Jump to ContentJump to Main Navigation
Berlioz on MusicSelected Criticism 1824-1837$
Users without a subscription are not able to see the full content.

Katherine Kolb

Print publication date: 2015

Print ISBN-13: 9780199391950

Published to Oxford Scholarship Online: March 2015

DOI: 10.1093/acprof:oso/9780199391950.001.0001

Show Summary Details
Page of

PRINTED FROM OXFORD SCHOLARSHIP ONLINE (www.oxfordscholarship.com). (c) Copyright Oxford University Press, 2019. All Rights Reserved. An individual user may print out a PDF of a single chapter of a monograph in OSO for personal use. date: 23 August 2019

Meyerbeer’s Les Huguenots

Meyerbeer’s Les Huguenots

Acts 4 and 5

Chapter:
(p.219) 36 Meyerbeer’s Les Huguenots
Source:
Berlioz on Music
Author(s):

Katherine Kolb

Publisher:
Oxford University Press
DOI:10.1093/acprof:oso/9780199391950.003.0037

Five years after Robert le diable in 1831, Meyerbeer produces his next grand opera, this one set during the Saint Bartholomew’s Day Massacre of 1572. Writing from memory and jottings during rehearsals and the premiere, Berlioz assesses the strengths and weaknesses of the vast work, analyzing selected numbers and singling out innovations. His three-part article (for the first two parts, see the Companion Website) proceeds in crescendo. On March 6 he summarizes the plot and describes some highlights. On March 13 he begins the analysis proper, reviewing the first three acts, portraying the passions of the crowd. In this third piece, he turns to the final acts, portraying the passions of the main characters. These acts are, for Berlioz, the soul of the work. He praises with genuine enthusiasm its complex, inventive, demanding style, whose success may bode well for his own upcoming opera.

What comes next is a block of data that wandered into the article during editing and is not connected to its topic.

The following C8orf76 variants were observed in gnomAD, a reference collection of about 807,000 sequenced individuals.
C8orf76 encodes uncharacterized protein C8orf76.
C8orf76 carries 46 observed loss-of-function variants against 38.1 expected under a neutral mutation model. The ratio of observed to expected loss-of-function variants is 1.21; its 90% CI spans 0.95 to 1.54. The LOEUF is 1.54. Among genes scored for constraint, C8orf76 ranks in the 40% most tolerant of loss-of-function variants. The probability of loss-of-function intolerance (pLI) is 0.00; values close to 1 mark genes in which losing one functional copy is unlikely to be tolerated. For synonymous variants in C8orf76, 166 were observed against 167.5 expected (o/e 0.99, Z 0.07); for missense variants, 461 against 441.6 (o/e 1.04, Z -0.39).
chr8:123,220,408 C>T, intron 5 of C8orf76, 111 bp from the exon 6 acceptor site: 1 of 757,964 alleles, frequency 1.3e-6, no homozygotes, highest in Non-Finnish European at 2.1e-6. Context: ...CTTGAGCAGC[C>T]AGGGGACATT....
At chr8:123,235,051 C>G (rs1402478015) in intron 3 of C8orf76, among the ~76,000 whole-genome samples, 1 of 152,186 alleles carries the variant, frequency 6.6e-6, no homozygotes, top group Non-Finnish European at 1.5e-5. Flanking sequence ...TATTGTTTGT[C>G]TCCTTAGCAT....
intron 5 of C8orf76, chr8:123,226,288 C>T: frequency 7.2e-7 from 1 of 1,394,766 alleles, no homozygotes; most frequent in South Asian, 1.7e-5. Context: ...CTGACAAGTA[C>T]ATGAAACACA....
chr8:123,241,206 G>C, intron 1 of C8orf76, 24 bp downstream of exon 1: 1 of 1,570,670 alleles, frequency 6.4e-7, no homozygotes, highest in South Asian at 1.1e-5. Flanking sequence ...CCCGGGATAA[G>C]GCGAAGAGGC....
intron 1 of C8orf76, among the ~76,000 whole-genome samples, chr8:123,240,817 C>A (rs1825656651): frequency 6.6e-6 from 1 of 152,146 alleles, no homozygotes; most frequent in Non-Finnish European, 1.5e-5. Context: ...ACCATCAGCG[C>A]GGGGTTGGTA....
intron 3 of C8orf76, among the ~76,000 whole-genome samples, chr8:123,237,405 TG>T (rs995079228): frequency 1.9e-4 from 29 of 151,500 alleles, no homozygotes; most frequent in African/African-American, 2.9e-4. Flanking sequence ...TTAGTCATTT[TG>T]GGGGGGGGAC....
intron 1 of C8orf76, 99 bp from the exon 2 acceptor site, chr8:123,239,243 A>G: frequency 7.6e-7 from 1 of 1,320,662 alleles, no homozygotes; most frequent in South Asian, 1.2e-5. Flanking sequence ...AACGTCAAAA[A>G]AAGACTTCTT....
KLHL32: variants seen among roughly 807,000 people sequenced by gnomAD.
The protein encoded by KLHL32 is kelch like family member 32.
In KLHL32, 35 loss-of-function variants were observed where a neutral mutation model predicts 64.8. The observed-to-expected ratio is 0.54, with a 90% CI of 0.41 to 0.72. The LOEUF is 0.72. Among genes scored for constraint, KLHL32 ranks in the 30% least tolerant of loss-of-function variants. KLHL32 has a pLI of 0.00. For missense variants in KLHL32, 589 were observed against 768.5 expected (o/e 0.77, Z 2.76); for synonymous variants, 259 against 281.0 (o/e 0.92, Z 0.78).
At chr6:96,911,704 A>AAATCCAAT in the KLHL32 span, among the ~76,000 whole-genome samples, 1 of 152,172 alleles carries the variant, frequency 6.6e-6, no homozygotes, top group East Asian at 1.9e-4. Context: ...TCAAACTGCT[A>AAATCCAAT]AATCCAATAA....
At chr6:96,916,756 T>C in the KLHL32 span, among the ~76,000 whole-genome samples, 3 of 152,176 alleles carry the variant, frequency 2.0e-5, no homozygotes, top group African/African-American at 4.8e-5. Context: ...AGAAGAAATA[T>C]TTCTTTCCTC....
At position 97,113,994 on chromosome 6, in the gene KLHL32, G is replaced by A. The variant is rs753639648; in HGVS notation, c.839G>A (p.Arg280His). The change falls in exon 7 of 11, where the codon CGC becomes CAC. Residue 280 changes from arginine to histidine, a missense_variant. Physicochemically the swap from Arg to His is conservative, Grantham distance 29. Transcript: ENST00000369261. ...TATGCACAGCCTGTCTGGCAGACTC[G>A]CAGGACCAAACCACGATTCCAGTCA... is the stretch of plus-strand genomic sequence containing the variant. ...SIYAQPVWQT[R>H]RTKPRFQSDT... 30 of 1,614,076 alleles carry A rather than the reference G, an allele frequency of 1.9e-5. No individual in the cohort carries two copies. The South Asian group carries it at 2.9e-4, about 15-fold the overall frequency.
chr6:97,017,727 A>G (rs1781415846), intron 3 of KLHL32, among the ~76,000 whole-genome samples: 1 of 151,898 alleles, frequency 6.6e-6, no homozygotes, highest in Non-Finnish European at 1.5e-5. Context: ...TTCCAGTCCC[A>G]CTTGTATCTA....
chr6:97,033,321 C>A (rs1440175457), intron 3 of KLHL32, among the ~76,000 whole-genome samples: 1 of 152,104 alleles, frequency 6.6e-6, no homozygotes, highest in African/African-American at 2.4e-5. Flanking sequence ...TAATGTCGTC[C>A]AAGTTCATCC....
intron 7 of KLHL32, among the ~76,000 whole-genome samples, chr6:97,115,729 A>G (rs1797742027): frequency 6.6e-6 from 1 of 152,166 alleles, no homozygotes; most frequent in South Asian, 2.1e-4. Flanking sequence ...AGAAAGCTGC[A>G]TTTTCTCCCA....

Keywords:   Meyerbeer Les Huguenots, Meyerbeer Robert le diable, Saint Bartholomew’s Day Massacre, instrumentation, pure music, dramatic music, operatic crowd scenes, religious themes

Oxford Scholarship Online requires a subscription or purchase to access the full text of books within the service. Public users can however freely search the site and view the abstracts and keywords for each book and chapter.

Please, subscribe or login to access full text content.

If you think you should have access to this title, please contact your librarian.

To troubleshoot, please check our FAQs , and if you can't find the answer there, please contact us .